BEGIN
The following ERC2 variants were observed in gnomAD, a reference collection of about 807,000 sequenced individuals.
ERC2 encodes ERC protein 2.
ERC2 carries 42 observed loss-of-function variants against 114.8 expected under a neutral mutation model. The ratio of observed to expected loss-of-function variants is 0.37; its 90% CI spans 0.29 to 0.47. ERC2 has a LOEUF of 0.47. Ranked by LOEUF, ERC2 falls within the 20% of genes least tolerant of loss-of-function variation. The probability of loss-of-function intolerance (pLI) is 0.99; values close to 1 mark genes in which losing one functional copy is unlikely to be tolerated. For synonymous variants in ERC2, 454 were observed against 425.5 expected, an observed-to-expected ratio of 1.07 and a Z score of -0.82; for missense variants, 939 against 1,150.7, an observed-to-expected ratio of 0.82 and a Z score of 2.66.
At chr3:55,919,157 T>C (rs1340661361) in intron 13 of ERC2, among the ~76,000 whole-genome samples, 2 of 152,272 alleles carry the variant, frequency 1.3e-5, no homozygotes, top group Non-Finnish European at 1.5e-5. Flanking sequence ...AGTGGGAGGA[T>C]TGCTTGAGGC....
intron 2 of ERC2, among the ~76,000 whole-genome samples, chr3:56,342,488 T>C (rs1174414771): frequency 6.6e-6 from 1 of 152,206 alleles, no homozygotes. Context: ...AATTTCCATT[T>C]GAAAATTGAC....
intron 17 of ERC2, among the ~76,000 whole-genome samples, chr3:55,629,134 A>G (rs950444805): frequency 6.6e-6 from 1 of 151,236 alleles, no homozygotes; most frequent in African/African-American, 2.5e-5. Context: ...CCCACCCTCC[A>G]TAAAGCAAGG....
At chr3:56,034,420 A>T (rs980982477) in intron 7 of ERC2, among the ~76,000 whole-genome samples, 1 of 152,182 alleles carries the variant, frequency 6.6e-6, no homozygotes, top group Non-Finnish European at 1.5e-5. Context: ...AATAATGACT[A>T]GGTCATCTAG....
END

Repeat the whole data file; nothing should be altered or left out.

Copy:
The following ERC2 variants were observed in gnomAD, a reference collection of about 807,000 sequenced individuals.
ERC2 encodes ERC protein 2.
ERC2 carries 42 observed loss-of-function variants against 114.8 expected under a neutral mutation model. The ratio of observed to expected loss-of-function variants is 0.37; its 90% CI spans 0.29 to 0.47. ERC2 has a LOEUF of 0.47. Ranked by LOEUF, ERC2 falls within the 20% of genes least tolerant of loss-of-function variation. The probability of loss-of-function intolerance (pLI) is 0.99; values close to 1 mark genes in which losing one functional copy is unlikely to be tolerated. For synonymous variants in ERC2, 454 were observed against 425.5 expected, an observed-to-expected ratio of 1.07 and a Z score of -0.82; for missense variants, 939 against 1,150.7, an observed-to-expected ratio of 0.82 and a Z score of 2.66.
At chr3:55,919,157 T>C (rs1340661361) in intron 13 of ERC2, among the ~76,000 whole-genome samples, 2 of 152,272 alleles carry the variant, frequency 1.3e-5, no homozygotes, top group Non-Finnish European at 1.5e-5. Flanking sequence ...AGTGGGAGGA[T>C]TGCTTGAGGC....
intron 2 of ERC2, among the ~76,000 whole-genome samples, chr3:56,342,488 T>C (rs1174414771): frequency 6.6e-6 from 1 of 152,206 alleles, no homozygotes. Context: ...AATTTCCATT[T>C]GAAAATTGAC....
intron 17 of ERC2, among the ~76,000 whole-genome samples, chr3:55,629,134 A>G (rs950444805): frequency 6.6e-6 from 1 of 151,236 alleles, no homozygotes; most frequent in African/African-American, 2.5e-5. Context: ...CCCACCCTCC[A>G]TAAAGCAAGG....
At chr3:56,034,420 A>T (rs980982477) in intron 7 of ERC2, among the ~76,000 whole-genome samples, 1 of 152,182 alleles carries the variant, frequency 6.6e-6, no homozygotes, top group Non-Finnish European at 1.5e-5. Context: ...AATAATGACT[A>T]GGTCATCTAG....